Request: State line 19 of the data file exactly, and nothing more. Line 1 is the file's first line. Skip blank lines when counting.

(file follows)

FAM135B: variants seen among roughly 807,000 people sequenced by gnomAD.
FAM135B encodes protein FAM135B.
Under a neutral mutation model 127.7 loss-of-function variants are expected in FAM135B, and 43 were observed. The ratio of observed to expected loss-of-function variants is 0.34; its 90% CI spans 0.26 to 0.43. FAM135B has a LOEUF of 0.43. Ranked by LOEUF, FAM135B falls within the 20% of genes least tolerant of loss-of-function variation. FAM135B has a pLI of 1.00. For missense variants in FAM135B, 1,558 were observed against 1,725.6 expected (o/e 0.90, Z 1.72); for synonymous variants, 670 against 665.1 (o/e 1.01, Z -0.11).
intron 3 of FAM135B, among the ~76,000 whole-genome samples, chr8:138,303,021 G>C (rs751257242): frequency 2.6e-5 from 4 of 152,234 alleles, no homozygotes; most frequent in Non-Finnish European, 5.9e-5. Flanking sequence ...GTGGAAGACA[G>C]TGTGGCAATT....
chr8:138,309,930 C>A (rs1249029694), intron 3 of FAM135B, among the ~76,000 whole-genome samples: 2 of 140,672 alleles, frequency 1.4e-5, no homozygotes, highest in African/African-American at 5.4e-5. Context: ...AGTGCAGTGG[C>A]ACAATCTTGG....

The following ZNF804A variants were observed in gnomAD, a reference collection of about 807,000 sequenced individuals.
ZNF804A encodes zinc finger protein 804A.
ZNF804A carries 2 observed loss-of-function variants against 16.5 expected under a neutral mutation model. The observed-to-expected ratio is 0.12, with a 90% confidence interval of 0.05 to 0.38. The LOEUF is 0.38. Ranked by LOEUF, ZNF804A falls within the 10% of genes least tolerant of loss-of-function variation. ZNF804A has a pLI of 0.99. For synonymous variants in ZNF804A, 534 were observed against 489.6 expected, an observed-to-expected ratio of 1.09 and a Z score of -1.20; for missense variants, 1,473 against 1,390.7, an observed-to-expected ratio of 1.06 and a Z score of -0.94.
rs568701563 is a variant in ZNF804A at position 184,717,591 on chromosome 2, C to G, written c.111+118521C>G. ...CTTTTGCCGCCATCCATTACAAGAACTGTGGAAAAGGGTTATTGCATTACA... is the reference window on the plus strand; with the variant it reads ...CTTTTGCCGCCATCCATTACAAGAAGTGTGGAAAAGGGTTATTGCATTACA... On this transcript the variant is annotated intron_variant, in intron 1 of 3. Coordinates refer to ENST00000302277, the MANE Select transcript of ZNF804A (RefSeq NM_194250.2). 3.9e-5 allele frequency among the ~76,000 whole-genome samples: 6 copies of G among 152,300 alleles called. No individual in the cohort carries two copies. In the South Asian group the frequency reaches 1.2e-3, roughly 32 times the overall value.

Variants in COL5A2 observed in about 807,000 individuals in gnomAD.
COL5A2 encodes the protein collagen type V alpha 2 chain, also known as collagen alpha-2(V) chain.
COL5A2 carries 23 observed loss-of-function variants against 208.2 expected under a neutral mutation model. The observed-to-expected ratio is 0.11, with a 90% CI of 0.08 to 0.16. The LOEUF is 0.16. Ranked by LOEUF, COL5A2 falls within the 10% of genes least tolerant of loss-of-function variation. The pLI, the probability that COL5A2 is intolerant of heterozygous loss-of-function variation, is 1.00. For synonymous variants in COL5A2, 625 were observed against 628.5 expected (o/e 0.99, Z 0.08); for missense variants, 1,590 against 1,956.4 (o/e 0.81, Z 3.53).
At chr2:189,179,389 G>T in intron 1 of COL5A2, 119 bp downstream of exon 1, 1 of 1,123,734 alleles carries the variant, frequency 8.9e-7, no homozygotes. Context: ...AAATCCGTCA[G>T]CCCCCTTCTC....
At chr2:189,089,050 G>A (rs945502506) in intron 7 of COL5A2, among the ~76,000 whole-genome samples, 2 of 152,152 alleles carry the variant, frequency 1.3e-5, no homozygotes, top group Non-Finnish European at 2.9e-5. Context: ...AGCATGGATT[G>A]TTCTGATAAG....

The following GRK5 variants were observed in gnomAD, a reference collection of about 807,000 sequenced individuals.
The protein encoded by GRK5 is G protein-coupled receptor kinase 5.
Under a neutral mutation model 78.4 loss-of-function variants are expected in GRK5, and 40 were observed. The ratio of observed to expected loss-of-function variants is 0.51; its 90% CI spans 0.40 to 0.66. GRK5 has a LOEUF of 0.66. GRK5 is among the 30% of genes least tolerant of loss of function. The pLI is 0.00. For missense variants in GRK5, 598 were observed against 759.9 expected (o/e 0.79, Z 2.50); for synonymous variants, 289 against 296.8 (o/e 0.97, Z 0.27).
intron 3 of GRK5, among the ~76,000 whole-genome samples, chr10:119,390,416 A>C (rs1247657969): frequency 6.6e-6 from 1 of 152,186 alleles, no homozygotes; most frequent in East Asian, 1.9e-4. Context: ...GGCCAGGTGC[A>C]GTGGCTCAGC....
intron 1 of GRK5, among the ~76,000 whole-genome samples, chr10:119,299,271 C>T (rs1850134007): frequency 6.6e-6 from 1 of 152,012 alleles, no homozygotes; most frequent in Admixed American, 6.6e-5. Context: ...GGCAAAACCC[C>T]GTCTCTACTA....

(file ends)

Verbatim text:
intron 1 of GRK5, among the ~76,000 whole-genome samples, chr10:119,299,271 C>T (rs1850134007): frequency 6.6e-6 from 1 of 152,012 alleles, no homozygotes; most frequent in Admixed American, 6.6e-5. Context: ...GGCAAAACCC[C>T]GTCTCTACTA....